Footnotes
P- Reviewers Bourke B, Grassi R, Maric I S- Editor Gou SX L- Editor A E- Editor Ma S
References
1.
Cotran RS, Kumar V, Collins T. Robbins Pathologic Basis of Disease. 6th ed. Philadelphia: WB Saunders Company; 1999.pp.816-821.
2.
Porth C. Pathophysiology: Concepts of Altered Health States. 8th ed. New York: JB Lippincott Company; 1990.pp.707-708.
3.
Graham MF. Stricture formation: pathophysiologic and therapeutic concepts. Inflammatory Bowel Disease. RP MacDermott and WF Stenson. New York: Elsevier; 1992.pp.323-335.
4.
Graham MF. Stricture formation in Crohn’s disease: Wound healing in the intestine. In:Targan SR, Shanahan F.,editors.Inflammatory Bowel Disease: From Bench to Bedside. Baltimore: Williams and Wilkins; 1994.pp.171-179.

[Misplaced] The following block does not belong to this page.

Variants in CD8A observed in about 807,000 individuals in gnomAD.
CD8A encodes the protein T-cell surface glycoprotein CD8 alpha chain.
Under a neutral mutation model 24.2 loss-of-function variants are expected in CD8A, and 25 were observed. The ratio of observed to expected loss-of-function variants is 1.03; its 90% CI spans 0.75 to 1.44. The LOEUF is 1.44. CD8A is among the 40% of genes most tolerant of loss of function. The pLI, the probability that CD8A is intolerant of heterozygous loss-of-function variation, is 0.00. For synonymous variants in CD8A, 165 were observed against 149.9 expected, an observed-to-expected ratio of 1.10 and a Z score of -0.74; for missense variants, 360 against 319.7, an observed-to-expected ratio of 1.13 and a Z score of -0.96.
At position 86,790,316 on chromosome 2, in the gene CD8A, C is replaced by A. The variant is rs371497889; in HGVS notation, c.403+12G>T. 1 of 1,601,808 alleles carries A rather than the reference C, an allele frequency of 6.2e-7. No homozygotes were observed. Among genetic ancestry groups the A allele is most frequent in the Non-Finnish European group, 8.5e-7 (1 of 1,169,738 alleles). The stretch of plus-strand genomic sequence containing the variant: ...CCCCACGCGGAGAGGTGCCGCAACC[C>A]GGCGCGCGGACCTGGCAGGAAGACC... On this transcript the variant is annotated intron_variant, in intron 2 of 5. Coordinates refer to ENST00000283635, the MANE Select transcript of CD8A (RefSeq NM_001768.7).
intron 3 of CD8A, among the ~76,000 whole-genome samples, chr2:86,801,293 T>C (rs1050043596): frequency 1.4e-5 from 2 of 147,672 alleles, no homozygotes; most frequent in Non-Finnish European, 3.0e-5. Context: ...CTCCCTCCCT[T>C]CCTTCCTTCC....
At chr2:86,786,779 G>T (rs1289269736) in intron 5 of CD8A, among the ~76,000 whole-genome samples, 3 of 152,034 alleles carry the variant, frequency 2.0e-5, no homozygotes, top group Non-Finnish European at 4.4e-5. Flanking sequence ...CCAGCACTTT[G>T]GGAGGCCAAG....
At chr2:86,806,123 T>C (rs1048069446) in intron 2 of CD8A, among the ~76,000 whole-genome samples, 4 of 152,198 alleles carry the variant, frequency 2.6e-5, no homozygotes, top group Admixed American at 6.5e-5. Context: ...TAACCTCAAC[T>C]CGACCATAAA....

5.
Yamada T, Grisham MB. Role of neutrophil-derived oxidants in the pathogenesis of intestinal inflammation. Klin Wochenschr. 1991;69:988-994.[PubMed]
6.
Ina K, Kusugami K, Yamaguchi T, Imada A, Hosokawa T, Ohsuga M, Shinoda M, Ando T, Ito K, Yokoyama Y. Mucosal interleukin-8 is involved in neutrophil migration and binding to extracellular matrix in inflammatory bowel disease. Am J Gastroenterol. 1997;92:1342-1346.[PubMed]
7.
Kruidenier L, Kuiper I, Lamers CB, Verspaget HW. Intestinal oxidative damage in inflammatory bowel disease: semi-quantification, localization, and association with mucosal antioxidants. J Pathol. 2003;201:28-36.[PubMed]
8.
Kristjánsson G, Venge P, Wanders A, Lööf L, Hällgren R. Clinical and subclinical intestinal inflammation assessed by the mucosal patch technique: studies of mucosal neutrophil and eosinophil activation in inflammatory bowel diseases and irritable bowel syndrome. Gut. 2004;53:1806-1812.[PubMed]